A Cambridgeshire patient safety campaigner is marking the ninth anniversary of advocating for patients harmed by surgical mesh implants.  

Kath Sansom, from March, set up the Sling the Mesh campaign in June 2015, two months after she experienced painful complications from pelvic mesh surgery.  

The campaign began with 20 women offering support to each other and now has more than 10,500 members from around the world. 

The former journalist for this newspaper group has also succeeded in getting one type of mesh suspended, another banned and has pushed for a series of regulatory reforms. 

The global support movement includes women suffering life altering complications form pelvic mesh surgery usually given to fix problems from childbirth such as prolapse or incontinence. 

There are also men suffering pain and infection from hernia mesh, women harmed by rectopexy mesh and breast cancer patients suffering complications because of mesh used in their mastectomy reconstructions. 

Kath Sansom pictured at her local Tesco store which raised £350 from a secondhand book sale for campaigning efforts.Kath Sansom pictured at her local Tesco store which raised £350 from a second hand book sale for campaigning efforts. (Image: Sling The Mesh)Kath, 56, said: “When I set up Sling The Mesh I had no idea how big it would grow or how much time it would take.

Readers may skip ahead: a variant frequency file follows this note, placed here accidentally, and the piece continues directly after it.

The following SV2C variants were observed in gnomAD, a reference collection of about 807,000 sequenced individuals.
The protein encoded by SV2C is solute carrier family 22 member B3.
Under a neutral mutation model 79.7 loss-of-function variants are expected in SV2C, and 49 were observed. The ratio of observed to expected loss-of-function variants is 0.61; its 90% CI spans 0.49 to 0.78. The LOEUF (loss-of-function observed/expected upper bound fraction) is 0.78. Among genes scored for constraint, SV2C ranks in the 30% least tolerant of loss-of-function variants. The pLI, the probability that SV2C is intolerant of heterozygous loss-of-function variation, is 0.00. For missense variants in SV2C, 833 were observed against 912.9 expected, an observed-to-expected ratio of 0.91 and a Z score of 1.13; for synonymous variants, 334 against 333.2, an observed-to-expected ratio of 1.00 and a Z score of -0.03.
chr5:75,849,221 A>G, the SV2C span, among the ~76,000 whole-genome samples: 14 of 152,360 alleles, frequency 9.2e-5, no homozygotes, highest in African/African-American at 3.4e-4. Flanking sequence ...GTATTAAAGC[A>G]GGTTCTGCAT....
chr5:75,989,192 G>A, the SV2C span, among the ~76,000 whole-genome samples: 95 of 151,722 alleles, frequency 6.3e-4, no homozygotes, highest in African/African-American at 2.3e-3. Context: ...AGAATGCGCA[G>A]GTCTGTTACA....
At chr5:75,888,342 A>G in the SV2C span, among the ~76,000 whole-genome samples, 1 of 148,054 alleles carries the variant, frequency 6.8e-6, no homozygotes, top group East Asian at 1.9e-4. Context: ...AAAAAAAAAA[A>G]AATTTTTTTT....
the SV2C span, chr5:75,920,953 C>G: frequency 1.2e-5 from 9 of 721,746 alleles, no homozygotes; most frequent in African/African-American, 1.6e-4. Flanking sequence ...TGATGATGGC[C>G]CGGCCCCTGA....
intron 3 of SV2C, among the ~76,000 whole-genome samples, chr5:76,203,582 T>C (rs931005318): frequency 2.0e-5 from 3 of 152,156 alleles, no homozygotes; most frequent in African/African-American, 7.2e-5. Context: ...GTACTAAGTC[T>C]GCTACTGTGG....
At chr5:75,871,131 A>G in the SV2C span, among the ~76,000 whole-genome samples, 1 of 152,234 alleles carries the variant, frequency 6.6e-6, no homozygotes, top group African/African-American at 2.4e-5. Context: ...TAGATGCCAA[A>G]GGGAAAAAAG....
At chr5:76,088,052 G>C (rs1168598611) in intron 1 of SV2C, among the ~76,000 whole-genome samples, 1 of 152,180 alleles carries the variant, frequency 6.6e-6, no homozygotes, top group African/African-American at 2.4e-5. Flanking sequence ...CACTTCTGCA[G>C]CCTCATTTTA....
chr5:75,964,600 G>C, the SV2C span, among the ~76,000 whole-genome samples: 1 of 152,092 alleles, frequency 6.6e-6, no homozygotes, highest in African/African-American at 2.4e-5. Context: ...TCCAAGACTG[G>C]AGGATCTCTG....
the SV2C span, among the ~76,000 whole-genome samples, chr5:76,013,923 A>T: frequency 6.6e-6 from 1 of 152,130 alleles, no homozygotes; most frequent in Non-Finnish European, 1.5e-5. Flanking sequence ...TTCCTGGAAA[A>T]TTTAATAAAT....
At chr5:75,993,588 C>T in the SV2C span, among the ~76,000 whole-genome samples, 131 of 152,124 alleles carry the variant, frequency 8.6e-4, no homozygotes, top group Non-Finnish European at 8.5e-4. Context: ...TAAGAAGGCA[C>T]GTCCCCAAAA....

“It has consumed hours of my spare time, often getting up at 4am to fit in some campaigning before work, on my days off and even on Christmas Day.  

“I’m often seen with my head buried in my phone when out and about busy sending emails or replying to messages.  

“But as difficult as it is, the reward is knowing that it has become a valuable support group offering comradeship and understanding to thousands of people harmed by surgical mesh.” 

Kath says she will continue to raise public awareness and advocate for better regulation and support for patients.  

Sling The Mesh also continues to press for better informed consent and an effective redress system for those harmed.   

The only funding Kath has received is financial support to cover her travel costs for Parliamentary meetings and a £350 donation from her local Tesco from a secondhand book sale.